Paying Tax On A Loss: We have never heard of paying a tax on a loss before anywhere in the world – this must be an all time first. If you have no borrowing, there will be little impact, but most buy-to-let investors have borrowing of at least 60% - upwards to 90% or even 100% of the property value if property prices have dropped in your areas (e.g. Wales, NE England, Yorkshire). It makes no economic or business sense – unless you are intent on destroying a business that is – which the Tories seem to be proposing.
Unsustainable: If interest rates rise sharply, then many buy-to-let businesses will go bankrupt since they will not be able to pass on their losses to the tenants. Any buy-to-let landlord going under will also see tenants on the streets in droves - since the properties will be repossessed by the banks - who will evict the tenants – adding to the rental housing crisis.
Banks Not Helping: It now looks like the banks will tighten up lending criteria for buy-to-let landlords as well – this is probably in large part (perversely) to the higher taxation - since banks will now quite rightly see buy-to-let as a riskier business (or investment as the government call it). This will further reduce rental supply and lead to higher rents in the next few years.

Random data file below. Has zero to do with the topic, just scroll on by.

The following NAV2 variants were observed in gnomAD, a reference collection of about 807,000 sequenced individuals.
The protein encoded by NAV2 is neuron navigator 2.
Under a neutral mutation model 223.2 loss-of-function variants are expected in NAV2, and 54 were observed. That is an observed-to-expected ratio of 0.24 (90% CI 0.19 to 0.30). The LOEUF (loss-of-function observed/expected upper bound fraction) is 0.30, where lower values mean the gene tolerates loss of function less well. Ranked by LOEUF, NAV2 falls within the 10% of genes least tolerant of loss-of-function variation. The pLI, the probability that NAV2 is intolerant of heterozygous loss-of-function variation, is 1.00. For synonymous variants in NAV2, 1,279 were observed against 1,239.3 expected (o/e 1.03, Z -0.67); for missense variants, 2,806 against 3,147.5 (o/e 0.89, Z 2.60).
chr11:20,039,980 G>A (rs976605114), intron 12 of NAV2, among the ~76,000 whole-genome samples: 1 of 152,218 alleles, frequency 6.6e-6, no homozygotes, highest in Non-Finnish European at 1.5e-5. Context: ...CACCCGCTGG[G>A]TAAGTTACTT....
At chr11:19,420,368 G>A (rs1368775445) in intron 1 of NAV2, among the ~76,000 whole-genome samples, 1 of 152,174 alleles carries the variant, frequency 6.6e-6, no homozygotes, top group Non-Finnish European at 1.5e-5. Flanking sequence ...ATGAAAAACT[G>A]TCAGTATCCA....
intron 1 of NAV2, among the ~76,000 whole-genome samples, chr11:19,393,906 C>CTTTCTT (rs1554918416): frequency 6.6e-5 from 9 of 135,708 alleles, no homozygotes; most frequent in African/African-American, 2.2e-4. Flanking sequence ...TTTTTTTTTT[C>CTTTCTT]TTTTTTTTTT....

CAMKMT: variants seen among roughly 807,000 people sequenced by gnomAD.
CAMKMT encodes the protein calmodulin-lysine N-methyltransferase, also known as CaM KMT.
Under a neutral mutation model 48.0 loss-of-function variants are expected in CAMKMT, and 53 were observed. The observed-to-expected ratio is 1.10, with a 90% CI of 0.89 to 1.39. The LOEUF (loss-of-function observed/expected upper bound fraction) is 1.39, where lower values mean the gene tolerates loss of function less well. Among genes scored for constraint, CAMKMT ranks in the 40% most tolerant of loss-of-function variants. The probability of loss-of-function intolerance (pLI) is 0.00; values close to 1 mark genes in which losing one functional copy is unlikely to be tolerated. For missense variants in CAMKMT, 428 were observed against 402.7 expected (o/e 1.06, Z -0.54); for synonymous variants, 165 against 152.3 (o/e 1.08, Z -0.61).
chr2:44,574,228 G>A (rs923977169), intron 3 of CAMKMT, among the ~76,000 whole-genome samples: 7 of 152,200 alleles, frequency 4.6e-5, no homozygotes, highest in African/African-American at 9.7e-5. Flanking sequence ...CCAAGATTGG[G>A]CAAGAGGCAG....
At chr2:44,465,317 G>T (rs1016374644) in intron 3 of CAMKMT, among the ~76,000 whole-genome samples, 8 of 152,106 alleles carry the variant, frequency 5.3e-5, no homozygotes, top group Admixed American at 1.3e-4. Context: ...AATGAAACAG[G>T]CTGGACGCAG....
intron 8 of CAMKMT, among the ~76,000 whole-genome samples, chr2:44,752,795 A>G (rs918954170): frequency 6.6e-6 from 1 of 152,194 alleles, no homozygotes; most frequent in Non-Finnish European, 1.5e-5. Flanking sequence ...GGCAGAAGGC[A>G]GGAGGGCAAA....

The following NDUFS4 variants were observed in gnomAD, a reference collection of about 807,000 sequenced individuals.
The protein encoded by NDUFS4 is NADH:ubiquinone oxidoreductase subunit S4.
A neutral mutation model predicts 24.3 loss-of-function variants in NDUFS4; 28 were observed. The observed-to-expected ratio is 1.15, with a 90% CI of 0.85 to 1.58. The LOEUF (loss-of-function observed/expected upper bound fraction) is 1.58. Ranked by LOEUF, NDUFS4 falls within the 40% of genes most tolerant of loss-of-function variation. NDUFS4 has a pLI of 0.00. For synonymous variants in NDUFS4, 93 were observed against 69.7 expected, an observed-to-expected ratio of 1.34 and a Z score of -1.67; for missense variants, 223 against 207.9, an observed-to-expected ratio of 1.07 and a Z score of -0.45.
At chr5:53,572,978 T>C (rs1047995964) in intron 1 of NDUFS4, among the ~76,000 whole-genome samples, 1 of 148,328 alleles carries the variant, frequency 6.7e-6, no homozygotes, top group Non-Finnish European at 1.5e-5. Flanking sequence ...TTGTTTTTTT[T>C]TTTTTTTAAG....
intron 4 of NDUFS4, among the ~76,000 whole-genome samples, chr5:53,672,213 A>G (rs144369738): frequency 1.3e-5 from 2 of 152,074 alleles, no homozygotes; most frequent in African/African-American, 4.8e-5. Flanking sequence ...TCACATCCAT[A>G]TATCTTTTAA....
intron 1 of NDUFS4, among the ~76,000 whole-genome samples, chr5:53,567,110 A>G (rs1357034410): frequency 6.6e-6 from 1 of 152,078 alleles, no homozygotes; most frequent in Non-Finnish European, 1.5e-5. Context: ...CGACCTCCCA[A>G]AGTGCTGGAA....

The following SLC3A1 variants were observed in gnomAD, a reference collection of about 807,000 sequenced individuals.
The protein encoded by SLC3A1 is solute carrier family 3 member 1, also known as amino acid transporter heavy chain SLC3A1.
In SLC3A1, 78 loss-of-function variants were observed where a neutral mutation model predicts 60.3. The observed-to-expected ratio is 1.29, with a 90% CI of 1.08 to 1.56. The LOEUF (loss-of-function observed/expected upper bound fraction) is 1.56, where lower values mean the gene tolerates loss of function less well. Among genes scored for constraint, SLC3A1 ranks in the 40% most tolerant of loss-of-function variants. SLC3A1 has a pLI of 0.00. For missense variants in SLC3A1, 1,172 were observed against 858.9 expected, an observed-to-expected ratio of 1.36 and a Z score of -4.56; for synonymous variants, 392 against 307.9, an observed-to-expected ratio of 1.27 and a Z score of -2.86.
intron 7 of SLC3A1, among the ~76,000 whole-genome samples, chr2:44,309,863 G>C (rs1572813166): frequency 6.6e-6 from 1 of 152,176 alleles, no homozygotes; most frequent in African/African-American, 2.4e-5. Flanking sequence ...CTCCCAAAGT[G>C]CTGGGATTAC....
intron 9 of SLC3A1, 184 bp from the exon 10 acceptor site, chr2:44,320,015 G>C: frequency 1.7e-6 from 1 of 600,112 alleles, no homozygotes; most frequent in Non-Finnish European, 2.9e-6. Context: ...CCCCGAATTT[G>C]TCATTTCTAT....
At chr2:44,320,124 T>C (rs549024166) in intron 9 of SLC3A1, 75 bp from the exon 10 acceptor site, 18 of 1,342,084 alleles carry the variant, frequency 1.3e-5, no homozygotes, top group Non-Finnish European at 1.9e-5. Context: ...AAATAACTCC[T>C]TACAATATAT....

Interest Rates and Inflation The slightly more positive news – if there is any out there - is that the Tories are trying to do something about the massive public sector deficit and trade deficit. It does not directly impact investors returns though. The implementation of spending cuts over the last five years have been very well received by the financial markets after the crisis caused by Labour’s overspending up to 2010. The Tories always said it would take 10 years to repair the damage and we are now over half way through the process. Because of the right economic spending trend, Sterling has gained against most other currencies – particularly since Euroland was forced to start printing money again. This has had the desired effect of keeping inflation low. Furthermore the crash in oil prices has also kept inflation at near zero despite the recent 3.2% wage inflation, this has allowed the Bank of England to keep interest rates at record low levels of 0.5%. It’s worth pointing out these very low borrowing costs would be impossible with a Labour government since Sterling would decline, inflation would rise and interest rates would have to rise with it – also to help support the currency value. What we are seeing is a well managed UK economy which is re-balancing from public to private sector – leading to low interest rates and strong economic growth – with record employment levels and stable unemployment levels.